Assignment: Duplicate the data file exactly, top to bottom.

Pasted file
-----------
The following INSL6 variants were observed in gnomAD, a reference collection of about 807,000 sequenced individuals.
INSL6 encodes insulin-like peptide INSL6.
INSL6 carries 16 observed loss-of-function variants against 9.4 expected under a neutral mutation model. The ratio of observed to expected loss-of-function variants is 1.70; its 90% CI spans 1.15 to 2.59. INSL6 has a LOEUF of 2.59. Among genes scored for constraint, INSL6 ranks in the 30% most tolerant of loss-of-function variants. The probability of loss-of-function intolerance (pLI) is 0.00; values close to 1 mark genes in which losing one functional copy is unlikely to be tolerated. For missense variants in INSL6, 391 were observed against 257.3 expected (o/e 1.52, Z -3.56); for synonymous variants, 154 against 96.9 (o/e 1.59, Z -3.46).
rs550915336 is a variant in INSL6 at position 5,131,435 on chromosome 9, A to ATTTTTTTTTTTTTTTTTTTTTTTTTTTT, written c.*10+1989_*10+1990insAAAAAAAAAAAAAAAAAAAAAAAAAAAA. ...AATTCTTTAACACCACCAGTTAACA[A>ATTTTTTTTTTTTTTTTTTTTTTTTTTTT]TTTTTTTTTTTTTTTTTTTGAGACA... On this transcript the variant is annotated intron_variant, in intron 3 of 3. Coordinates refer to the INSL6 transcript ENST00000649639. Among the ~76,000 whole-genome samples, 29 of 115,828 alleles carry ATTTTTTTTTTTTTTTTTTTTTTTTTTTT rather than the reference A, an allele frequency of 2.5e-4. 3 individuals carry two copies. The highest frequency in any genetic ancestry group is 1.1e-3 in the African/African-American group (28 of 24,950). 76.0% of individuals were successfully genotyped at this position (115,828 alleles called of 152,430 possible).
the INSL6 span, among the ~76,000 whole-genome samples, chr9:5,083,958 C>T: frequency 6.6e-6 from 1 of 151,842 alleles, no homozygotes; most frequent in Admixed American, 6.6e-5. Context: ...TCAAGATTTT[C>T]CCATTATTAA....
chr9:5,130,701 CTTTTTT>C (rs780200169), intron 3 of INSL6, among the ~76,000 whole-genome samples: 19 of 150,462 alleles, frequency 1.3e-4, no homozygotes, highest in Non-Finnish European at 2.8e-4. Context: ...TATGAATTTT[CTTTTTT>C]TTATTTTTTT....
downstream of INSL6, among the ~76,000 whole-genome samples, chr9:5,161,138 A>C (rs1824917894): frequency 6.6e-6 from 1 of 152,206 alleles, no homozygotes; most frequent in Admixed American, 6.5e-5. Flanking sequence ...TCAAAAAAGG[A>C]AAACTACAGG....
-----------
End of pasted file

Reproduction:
The following INSL6 variants were observed in gnomAD, a reference collection of about 807,000 sequenced individuals.
INSL6 encodes insulin-like peptide INSL6.
INSL6 carries 16 observed loss-of-function variants against 9.4 expected under a neutral mutation model. The ratio of observed to expected loss-of-function variants is 1.70; its 90% CI spans 1.15 to 2.59. INSL6 has a LOEUF of 2.59. Among genes scored for constraint, INSL6 ranks in the 30% most tolerant of loss-of-function variants. The probability of loss-of-function intolerance (pLI) is 0.00; values close to 1 mark genes in which losing one functional copy is unlikely to be tolerated. For missense variants in INSL6, 391 were observed against 257.3 expected (o/e 1.52, Z -3.56); for synonymous variants, 154 against 96.9 (o/e 1.59, Z -3.46).
rs550915336 is a variant in INSL6 at position 5,131,435 on chromosome 9, A to ATTTTTTTTTTTTTTTTTTTTTTTTTTTT, written c.*10+1989_*10+1990insAAAAAAAAAAAAAAAAAAAAAAAAAAAA. ...AATTCTTTAACACCACCAGTTAACA[A>ATTTTTTTTTTTTTTTTTTTTTTTTTTTT]TTTTTTTTTTTTTTTTTTTGAGACA... On this transcript the variant is annotated intron_variant, in intron 3 of 3. Coordinates refer to the INSL6 transcript ENST00000649639. Among the ~76,000 whole-genome samples, 29 of 115,828 alleles carry ATTTTTTTTTTTTTTTTTTTTTTTTTTTT rather than the reference A, an allele frequency of 2.5e-4. 3 individuals carry two copies. The highest frequency in any genetic ancestry group is 1.1e-3 in the African/African-American group (28 of 24,950). 76.0% of individuals were successfully genotyped at this position (115,828 alleles called of 152,430 possible).
the INSL6 span, among the ~76,000 whole-genome samples, chr9:5,083,958 C>T: frequency 6.6e-6 from 1 of 151,842 alleles, no homozygotes; most frequent in Admixed American, 6.6e-5. Context: ...TCAAGATTTT[C>T]CCATTATTAA....
chr9:5,130,701 CTTTTTT>C (rs780200169), intron 3 of INSL6, among the ~76,000 whole-genome samples: 19 of 150,462 alleles, frequency 1.3e-4, no homozygotes, highest in Non-Finnish European at 2.8e-4. Context: ...TATGAATTTT[CTTTTTT>C]TTATTTTTTT....
downstream of INSL6, among the ~76,000 whole-genome samples, chr9:5,161,138 A>C (rs1824917894): frequency 6.6e-6 from 1 of 152,206 alleles, no homozygotes; most frequent in Admixed American, 6.5e-5. Flanking sequence ...TCAAAAAAGG[A>C]AAACTACAGG....